Like anything in medicine, or any other industry, tools have their place. Telemedicine is a tool – a fantastic option to get a face-to-face, virtual consultation almost anywhere, at any time, with an appropriate expert. Travel patterns change throughout the years and geographies; therefore, it’s not surprising that our telehealth patterns change. People who travel to countries with First World medical provision are usually much happier obtaining face-to-face traditional medical opinions; whereas people in more remote or hostile locations often feel comforted and reassured by the fact that they can have a telehealth appointment when they fall acutely unwell. In addition, when we set up services for remote locations, we can provide telehealth clinics for routine medical care. This is slightly different to the medical assistance telehealth services, but it’s hugely useful and reassuring that staff know they have access to care in a sort of quasi-clinic setting.
Both those factors – alienation from the home culture and use of alcohol in hospitality – encourage more risk taking
The bottom line is that the use of telehealth will continue to evolve and change. I think it’ll be more linked to the use of integrated physiological data in the future, meaning rather than just sitting and having a video chat, as everybody’s got used to, it’s becoming increasingly likely that those tools will include the opportunity to measure basic physiological data. For example, heart rate, respiratory rate, blood pressure – possibly even a reliable heart tracing and electrocardiogram will be hallmarks of future telehealth appointments, which will probably look a lot more like face-to-face medical appointments.
Business travellers are known to present increased risks for alcohol and/or drug abuse compared to employees that don’t travel. How do you encourage transparency around these issues and manage the risks effectively?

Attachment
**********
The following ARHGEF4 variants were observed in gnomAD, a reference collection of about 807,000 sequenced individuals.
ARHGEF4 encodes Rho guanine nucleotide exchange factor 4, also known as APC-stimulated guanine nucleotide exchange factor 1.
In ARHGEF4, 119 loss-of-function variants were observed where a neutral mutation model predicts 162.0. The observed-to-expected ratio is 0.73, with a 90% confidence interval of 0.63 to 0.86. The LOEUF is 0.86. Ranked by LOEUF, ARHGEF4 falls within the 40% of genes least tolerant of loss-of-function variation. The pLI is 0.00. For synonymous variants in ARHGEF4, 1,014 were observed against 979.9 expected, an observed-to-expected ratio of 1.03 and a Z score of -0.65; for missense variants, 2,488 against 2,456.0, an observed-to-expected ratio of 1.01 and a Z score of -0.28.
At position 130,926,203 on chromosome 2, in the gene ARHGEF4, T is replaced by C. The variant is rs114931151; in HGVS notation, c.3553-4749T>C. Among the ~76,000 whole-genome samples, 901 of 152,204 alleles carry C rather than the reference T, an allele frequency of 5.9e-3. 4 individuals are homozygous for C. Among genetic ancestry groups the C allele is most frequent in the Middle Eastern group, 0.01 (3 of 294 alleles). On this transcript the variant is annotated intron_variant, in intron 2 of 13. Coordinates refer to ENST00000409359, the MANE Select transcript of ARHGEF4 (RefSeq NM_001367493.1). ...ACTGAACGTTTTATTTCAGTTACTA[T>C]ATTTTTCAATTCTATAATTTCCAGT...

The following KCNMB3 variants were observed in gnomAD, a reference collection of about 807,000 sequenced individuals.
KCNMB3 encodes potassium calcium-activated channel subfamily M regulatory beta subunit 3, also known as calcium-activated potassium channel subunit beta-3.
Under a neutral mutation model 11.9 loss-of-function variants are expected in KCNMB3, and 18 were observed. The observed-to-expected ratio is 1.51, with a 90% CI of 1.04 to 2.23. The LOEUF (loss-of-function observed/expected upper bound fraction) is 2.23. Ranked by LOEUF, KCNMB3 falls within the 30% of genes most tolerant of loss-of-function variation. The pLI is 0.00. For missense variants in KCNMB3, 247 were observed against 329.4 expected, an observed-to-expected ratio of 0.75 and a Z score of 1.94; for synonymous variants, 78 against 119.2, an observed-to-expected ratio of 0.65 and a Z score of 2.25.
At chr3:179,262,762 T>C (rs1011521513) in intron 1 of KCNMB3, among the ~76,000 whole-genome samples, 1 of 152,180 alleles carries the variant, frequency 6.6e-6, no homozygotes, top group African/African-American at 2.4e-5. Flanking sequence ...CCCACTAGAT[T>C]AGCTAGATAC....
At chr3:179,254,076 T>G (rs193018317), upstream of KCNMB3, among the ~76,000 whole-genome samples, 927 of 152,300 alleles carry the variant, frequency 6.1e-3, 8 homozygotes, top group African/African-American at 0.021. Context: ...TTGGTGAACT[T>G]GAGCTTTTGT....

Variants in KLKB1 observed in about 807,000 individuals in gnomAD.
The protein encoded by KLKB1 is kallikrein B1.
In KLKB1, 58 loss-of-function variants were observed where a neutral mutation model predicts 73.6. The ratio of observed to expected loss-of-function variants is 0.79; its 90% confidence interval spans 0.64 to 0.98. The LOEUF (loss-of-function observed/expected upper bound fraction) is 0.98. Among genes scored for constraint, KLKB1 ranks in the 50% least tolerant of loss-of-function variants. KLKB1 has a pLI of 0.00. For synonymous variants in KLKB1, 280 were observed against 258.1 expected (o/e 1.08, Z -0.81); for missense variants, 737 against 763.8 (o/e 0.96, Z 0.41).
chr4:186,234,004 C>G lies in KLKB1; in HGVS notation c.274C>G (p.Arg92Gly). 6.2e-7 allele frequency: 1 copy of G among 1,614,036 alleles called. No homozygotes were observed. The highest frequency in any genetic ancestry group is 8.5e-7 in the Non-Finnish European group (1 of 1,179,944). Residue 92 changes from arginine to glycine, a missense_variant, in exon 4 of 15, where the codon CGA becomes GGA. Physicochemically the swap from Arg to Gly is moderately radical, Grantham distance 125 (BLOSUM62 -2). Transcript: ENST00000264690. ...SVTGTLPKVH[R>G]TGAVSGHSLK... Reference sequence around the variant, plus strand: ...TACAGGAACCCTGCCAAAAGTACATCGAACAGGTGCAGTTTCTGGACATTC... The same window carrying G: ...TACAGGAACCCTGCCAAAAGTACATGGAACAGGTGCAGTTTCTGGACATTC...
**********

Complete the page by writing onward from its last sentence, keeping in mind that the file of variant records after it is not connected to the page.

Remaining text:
Traditionally, travel health insurance and business travel insurance exclude conditions related to drugs and alcohol. Therefore, culturally, people are reluctant to disclose this use while travelling. In practice, I think most of us know that people are known to take more risks while business travelling because they’re out of their usual environment. There’s also a business culture that encourages hospitality through alcohol. Both those factors – alienation from the home culture and use of alcohol in hospitality – encourage more risk taking.
Therefore, there is an association between the health trends we see in the use of alcohol and drugs. Alcohol is linked to road traffic accidents and other incidents, but interestingly and often overlooked, also the deterioration of chronic medical conditions such as high blood pressure and diabetes. The way we can encourage openness and transparency is to have a conversation between employers, employee assistance programmes, insurers and medical assistance providers. The issue needs to be looked at afresh by the industry because it remains a fact that people will drink, take risks, and/or take drugs when travelling internationally.
How is Everbridge’s technology helping to educate and inform travellers while cutting through the information overload?
When planning, travellers are traditionally overwhelmed with sources of information, such as from their employer with policies, regulations, and expectations from travel providers, and from the people in the industry they’re visiting. In addition, they will need to take into consideration environmental conditions, civil disruptions, and possibly language and culture they’re not familiar with.
Our new travel app puts everything in one place, so that when the traveller needs the information, they have it in-hand rather than being overloaded at inconvenient times. There is a lot of evidence in medical literature that the provision of information is largely ignored because it comes in floods. Most hospitals and doctors’ offices we visit contain a huge number of leaflets, or possibly electronic displays or links to apps, where we can read about all conditions under the sun. Despite best efforts by public health professionals, this hasn’t changed the health behaviours of people globally. Otherwise, nobody would be a smoker any more; nobody would drink alcohol other than in moderation; there would be no unplanned pregnancy or sexually transmitted disease. However, if you provide information at a time when it’s relevant to your health needs, it’s more effective. Additionally, there are tools related to diversity, such as LGBTQ, along with specific disease prevention and psychological first aid tools for stressful situations.